New 10.3-inch Sony DPT-CP1 PDF Reader Coming in June


Sony DPT-CP1

Sony has a new Digital Paper device listed on their Sony Japan website called the Sony DPT-CP1.

It’s basically a 10.3-inch version of the 13.3-inch Sony DPT-RP1 that was released in June 2017.

This new model is expected to get released in early June in Japan, and if last year is any indication it could get released in the US a couple weeks later, although there’s been no official word yet.

Aside from the screen size difference, the specs on the Sony DPT-CP1 are identical to the RP1.

It has the same quad-core processor and it comes with 16GB of internal storage space, with no memory card slot. It has dual-band Wi-Fi, Bluetooth 4.2, and an NFC chip.

It has a capacitive touchscreen for finger touch, along with a stylus pen to write notes and make highlights.

The 10.3-inch flexible E Ink screen has a resolution of 1404 x 1872, which equates to 227 ppi. That’s 20 ppi higher than the larger model.

The software is most likely 95% the same as the RP1, but hopefully it comes with some updates. One thing mentioned on the features list is a smartphone app to transfer content. That’s a plus because the RP1 could only have content transferred from a computer.

One of the most impressive things about the Sony DPT-CP1 is the fact that it only weighs 240 grams. That’s over 100 grams lighter than the RP1, and it’s also over 100 grams lighter than the Remarkable paper tablet, which has same size 10.3-inch screen. In fact the 6-inch 3G Kindle Paperwhite weighs 217 grams, so 240 grams is really impressive for a device that large.

Sony DPT-CP1

12 Responses to “New 10.3-inch Sony DPT-CP1 PDF Reader Coming in June”

  1. Weight sounds nice, but except that it sounds like it’s actually going to be worse in all respects that are of relevance to me than the Onyx Note.
    Judging by what I hear about the larger device, there’s no straightforward way to access the internal storage except via Sony’s cloud and some Wifi solution with a Windows client (and maybe MacOS? crucially no Linux, afaik).
    Closed system, so no way of installing own apps or get a (even makeshift) external monitor solution to work.
    Small internal memory and no way of extending by MicroSD.

    The Onyx Note is not flawless either (also lacking Micro-SD and still no root access as far as I know), but at least it has a slightly more manageable 32GB memory and an open (albeit currently non-rooted) Android system, allowing access to internal memory and possibly even use as external Screen via VNC. So unless someone convinces me of the utility of the Sony device, I don’t see any reason to buy into this. Might be different for people who definitely have no other plans with the device than take notes on PDFs ONLY and use Windows.

    If someone manages to open up the underlying Android, it might be a bit more interesting, but the lack of memory (and possibly lack of touch support, not sure if pen alone is sufficient) would still hold it back even then.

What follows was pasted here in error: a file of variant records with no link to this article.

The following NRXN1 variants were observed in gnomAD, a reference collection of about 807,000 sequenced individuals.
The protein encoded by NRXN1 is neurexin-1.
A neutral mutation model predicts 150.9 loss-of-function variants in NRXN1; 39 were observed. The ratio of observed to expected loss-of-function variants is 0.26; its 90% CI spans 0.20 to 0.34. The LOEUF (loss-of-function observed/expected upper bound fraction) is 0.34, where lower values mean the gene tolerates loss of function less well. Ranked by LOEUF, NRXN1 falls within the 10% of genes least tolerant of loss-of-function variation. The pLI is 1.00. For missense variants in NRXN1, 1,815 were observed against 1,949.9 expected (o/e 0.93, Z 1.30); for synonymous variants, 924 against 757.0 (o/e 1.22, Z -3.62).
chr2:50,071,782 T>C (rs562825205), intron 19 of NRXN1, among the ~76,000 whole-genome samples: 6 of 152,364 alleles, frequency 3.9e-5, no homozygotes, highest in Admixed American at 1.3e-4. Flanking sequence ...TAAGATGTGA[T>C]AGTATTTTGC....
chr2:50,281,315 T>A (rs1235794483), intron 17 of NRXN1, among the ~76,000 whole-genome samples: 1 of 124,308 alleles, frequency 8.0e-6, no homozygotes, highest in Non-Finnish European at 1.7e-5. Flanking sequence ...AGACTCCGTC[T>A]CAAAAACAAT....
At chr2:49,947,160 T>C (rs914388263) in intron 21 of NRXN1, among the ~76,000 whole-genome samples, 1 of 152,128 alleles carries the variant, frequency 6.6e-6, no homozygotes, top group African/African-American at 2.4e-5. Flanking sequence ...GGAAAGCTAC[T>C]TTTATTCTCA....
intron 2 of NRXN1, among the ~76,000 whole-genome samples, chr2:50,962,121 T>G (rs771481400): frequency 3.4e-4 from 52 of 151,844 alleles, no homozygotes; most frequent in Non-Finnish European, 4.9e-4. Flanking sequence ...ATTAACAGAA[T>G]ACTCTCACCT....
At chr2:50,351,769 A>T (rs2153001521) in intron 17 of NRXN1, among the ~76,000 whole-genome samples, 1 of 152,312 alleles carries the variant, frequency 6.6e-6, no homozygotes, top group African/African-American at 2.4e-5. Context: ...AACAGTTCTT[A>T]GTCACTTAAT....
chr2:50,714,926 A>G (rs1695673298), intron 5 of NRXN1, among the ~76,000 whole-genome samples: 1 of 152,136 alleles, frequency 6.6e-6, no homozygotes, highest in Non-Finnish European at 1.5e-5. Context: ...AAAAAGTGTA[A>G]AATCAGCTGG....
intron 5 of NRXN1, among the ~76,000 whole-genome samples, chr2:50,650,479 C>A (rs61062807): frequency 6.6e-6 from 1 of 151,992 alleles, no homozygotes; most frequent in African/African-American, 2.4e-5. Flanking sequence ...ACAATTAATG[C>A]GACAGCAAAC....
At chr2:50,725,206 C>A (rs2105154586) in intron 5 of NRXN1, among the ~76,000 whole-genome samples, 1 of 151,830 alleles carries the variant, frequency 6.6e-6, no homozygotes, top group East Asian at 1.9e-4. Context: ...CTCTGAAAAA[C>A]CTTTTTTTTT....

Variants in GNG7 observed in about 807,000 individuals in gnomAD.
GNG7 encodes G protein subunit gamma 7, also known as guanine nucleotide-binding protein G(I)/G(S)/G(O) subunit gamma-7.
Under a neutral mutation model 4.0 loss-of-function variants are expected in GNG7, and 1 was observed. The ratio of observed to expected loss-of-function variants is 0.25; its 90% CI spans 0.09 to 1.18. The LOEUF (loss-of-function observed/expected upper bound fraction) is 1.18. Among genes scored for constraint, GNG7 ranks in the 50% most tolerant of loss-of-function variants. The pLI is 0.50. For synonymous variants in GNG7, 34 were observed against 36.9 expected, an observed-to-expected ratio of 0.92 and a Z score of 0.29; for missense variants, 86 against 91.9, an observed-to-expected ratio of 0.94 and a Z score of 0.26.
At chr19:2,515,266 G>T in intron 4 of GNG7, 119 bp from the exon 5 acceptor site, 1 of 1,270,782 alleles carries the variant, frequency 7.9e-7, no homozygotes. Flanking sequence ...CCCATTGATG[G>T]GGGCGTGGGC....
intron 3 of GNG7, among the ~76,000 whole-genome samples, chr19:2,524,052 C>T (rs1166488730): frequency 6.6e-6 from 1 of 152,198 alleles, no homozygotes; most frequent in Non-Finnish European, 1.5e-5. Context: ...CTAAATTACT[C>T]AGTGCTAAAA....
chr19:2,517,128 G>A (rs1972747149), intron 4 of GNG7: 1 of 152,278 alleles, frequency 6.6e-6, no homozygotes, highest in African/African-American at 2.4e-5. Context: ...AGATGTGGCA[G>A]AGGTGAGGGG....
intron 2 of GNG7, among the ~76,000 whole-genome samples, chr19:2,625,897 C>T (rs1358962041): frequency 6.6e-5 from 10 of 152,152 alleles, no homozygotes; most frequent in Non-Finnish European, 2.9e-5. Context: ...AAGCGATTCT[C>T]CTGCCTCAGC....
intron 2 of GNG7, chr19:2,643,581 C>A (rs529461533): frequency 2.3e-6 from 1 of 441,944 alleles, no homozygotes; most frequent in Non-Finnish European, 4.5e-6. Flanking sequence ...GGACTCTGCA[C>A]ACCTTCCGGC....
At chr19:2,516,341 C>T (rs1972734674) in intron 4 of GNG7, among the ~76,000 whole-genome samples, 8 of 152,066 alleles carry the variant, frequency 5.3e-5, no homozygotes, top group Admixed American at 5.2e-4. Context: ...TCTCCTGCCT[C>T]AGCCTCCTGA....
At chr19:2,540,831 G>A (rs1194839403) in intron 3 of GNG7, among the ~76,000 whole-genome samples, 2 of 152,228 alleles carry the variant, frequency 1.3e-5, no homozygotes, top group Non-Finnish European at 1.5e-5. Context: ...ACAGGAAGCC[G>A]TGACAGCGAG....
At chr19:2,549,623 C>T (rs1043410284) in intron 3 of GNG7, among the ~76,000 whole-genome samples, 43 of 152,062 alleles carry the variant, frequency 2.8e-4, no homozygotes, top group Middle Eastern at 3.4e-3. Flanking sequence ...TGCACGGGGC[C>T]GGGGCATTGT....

• I do not mind if I can not run apps (thats what I use phones, iPads, Macs and Surfaces for), and really looks like a nice device from a hardware standpoint. Really looks to be awesome.

      What kills it for me is that it only supports PDF and no e-reader formats.

  2. I just hope they update the RP1 software to this. I have no complaints with my RP1 but the mobile share app would be a nice addition.

    • James, does your RP1 only read pd? Does it read Sony and epub?

      That would entice me to purchase the CP1.

      • They are strictly PDF readers. No other formats are supported.

        • OK. Thats really too bad. No Sony for me.

          Will buy a dedicated e-reader instead (note taking and running apps I do on my iPads and Surfaces). Kobo and Kindle looks best.

      • Only pdf. But if you have the ePub file you can use calibre to convert them to pdf, I find it works quite well. I often convert ePub books I have to read on my DPT, way better than my iPad.
        My other use cases are reading pdf mathematics textbooks and journals as well as extensive note taking (the nibs last longer than people complain, I use the pencil like ones).
        It’s my favorite piece of technology I’ve ever owned.

        • I will admit the software has some odd quirks. Table of contents is the only feature I wish it had, maybe in software update some future timeline.

          The hardware still outshines the software and makes it beneficial to use for me.

        • I have used Calibre a number of times to change an EPUB doc to a PDF doc for reading on a Kindle DX. My experience with converting to PDF is that I get better results from Calibre EPUB by using Microsoft DOCX as an intermediate step. EPUB to DOCX to PDF gives better results than EPUB to PDF. In addition, I find it easier to change font and font size in DOCX.

  3. I would love a good pdf reader for marking up pdfs when I go to conferences, but the price of the larger one, as well as the remarkable, were way too high for me. Any idea on the price point for this?

    • 70,000 yen, only in Japan. There is no indication of whether/when it may be available in the Untied States. As I recall, the DPT-RP1’s U.S. release was sometime after its Japan release.

    • My guess is a $100 less then the current DPT, so $599 usd. Just a guess though.

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